Tonight, the new White House plan for fighting a bird flu outbreak. Colossal disruptions and restrictions of movement to keep people alive, anchor Elizabeth Vargas opened the May 2 evening newscast.
Avian flu commanded the first story of the program, with correspondent Martha Raddatz noting a day before the official release of the White House plan for avian flu that the statistics are frightening. The report projects that a modern pandemic could lead to the deaths of 200,000 to 2 million U.S. citizens.
But the governments report was in preparation for weeks, with the Post previewing the plan in a front page April 16 article by staff writer Ceci Connolly .
The Treasury Department is poised to sign agreements with other nations to produce currency if U.S. mints cannot operate, while the Defense Department would stockpile millions of latex gloves and Veterans Affairs would implement a drive-through medical exam Connolly reported in the Easter Sunday paper.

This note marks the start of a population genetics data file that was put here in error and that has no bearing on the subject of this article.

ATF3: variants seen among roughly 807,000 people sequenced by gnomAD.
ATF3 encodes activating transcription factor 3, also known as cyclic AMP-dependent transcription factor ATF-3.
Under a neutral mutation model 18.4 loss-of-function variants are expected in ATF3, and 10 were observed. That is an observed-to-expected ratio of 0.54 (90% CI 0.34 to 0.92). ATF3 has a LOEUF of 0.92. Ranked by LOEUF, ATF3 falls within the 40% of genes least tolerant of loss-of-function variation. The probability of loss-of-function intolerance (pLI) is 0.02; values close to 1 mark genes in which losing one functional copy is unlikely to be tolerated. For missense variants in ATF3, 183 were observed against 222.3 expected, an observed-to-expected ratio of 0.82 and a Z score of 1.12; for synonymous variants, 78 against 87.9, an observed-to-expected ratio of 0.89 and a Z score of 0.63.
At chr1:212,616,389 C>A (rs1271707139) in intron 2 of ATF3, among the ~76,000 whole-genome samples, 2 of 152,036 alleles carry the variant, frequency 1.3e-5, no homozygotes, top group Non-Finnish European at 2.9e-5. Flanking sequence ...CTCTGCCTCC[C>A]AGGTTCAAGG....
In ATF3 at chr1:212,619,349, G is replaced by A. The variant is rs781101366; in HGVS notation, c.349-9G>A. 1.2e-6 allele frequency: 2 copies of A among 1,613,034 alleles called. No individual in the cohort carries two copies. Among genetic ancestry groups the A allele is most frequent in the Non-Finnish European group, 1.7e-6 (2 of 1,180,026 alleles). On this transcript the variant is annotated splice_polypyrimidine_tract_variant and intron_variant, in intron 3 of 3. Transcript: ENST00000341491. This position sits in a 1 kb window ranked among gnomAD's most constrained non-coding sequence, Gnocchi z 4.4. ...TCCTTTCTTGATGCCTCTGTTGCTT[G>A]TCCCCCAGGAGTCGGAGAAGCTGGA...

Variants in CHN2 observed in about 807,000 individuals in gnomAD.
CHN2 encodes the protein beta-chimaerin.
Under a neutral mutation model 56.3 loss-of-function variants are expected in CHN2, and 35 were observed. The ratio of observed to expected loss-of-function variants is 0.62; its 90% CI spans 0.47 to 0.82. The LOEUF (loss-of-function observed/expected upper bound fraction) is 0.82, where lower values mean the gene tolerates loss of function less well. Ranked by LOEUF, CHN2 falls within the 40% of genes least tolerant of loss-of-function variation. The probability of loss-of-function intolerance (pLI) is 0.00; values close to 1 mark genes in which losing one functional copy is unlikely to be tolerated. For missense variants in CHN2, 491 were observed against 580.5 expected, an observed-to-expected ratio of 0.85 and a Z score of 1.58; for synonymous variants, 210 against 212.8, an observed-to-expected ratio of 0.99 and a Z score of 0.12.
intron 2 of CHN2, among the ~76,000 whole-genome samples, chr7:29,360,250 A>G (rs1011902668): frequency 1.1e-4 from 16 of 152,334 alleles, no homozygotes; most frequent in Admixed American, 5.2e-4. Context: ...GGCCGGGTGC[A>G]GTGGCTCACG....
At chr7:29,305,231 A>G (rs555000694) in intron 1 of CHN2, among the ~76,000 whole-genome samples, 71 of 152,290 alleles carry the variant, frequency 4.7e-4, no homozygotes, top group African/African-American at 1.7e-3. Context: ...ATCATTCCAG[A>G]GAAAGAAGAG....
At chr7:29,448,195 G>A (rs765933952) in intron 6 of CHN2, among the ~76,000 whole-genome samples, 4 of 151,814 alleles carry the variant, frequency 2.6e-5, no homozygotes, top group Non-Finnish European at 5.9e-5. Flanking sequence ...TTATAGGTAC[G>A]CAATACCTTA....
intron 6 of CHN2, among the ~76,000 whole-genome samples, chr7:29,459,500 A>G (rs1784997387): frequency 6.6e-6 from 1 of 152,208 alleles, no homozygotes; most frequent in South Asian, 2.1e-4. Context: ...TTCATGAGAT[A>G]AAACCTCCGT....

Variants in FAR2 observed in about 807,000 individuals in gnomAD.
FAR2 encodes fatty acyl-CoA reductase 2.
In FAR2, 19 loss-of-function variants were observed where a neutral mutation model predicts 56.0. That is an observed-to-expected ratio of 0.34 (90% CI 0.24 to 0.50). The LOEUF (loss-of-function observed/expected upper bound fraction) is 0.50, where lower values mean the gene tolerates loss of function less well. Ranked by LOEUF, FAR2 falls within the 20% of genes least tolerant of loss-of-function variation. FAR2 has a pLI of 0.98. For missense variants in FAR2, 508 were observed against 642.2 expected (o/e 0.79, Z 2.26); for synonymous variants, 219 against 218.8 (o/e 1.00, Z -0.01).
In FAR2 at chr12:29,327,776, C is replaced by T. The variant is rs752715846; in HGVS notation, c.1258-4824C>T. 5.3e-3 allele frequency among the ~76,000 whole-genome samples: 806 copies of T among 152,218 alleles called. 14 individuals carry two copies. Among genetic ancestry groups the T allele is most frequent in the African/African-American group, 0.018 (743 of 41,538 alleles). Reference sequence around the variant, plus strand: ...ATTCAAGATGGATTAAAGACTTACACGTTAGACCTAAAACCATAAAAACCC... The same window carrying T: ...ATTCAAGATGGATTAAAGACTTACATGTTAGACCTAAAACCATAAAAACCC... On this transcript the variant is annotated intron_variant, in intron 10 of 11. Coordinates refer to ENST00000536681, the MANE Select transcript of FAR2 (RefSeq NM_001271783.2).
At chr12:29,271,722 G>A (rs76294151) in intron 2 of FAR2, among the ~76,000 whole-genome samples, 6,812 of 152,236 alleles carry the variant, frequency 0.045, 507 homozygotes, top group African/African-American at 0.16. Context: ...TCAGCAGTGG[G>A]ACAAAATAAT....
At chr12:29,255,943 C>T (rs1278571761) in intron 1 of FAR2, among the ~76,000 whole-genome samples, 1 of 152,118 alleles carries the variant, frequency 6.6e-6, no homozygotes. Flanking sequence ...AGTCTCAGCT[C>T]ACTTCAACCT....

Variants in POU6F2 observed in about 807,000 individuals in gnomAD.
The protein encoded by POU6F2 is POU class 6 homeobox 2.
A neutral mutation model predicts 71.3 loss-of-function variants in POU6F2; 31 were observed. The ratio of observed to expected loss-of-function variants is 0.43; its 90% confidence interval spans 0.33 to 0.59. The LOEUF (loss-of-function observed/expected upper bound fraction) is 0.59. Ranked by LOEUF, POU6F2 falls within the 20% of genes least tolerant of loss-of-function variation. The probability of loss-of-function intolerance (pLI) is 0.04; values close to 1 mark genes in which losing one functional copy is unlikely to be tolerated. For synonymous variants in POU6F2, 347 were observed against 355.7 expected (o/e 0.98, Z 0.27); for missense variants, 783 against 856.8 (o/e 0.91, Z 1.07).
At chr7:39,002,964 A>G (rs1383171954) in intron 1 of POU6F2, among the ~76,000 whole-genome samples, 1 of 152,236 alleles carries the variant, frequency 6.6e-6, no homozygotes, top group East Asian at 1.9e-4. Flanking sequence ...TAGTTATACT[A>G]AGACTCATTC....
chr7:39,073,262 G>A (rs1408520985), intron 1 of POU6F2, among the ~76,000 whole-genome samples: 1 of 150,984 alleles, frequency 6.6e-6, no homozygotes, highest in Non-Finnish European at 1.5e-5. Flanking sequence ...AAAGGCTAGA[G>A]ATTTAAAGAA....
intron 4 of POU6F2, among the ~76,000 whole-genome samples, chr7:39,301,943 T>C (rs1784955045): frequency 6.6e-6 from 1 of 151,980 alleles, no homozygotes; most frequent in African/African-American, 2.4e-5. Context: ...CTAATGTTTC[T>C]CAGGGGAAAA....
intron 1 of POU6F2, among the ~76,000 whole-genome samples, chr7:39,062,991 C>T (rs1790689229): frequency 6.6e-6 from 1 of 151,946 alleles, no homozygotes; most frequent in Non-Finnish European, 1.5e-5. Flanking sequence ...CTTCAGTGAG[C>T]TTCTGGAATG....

Connollys sneak peek at the federal plan received short shrift on the April 16 World News Tonight, with anchor Dan Harris summarizing the Post article in two sentences, reporting how the federal plan envisions a worst-case scenario and widespread shortages of vaccines and supplies.
ABCs bird-flu-themed sweeps movie premieres on May 9. Co-producer Diana Kerew told TV.com  that the movie was scheduled because of its topicality.
Thats what worries some flu experts.
The Associated Press  reported on April 30 that infectious disease expert Michael Osterholm  worries that the blurring of information and entertainment could do the public a disservice and plans a conference call with television critics before the movies air date.
ABC didnt need a movie-of-the-week to do the public a disservice. On NewsBusters.org , BMI Director Dan Gainor documented how ABCs Jim Avila swallowed whole the alarmist hype from Dr. Robert Webster, the father of the bird flu when he warned that 50 percent of the population could die from the virus.
The Business & Media Institute documented the medias pandemic of hype  in covering bird flu, including an editorial by Dr. Elizabeth Whelan  of the American Council on Science and Health.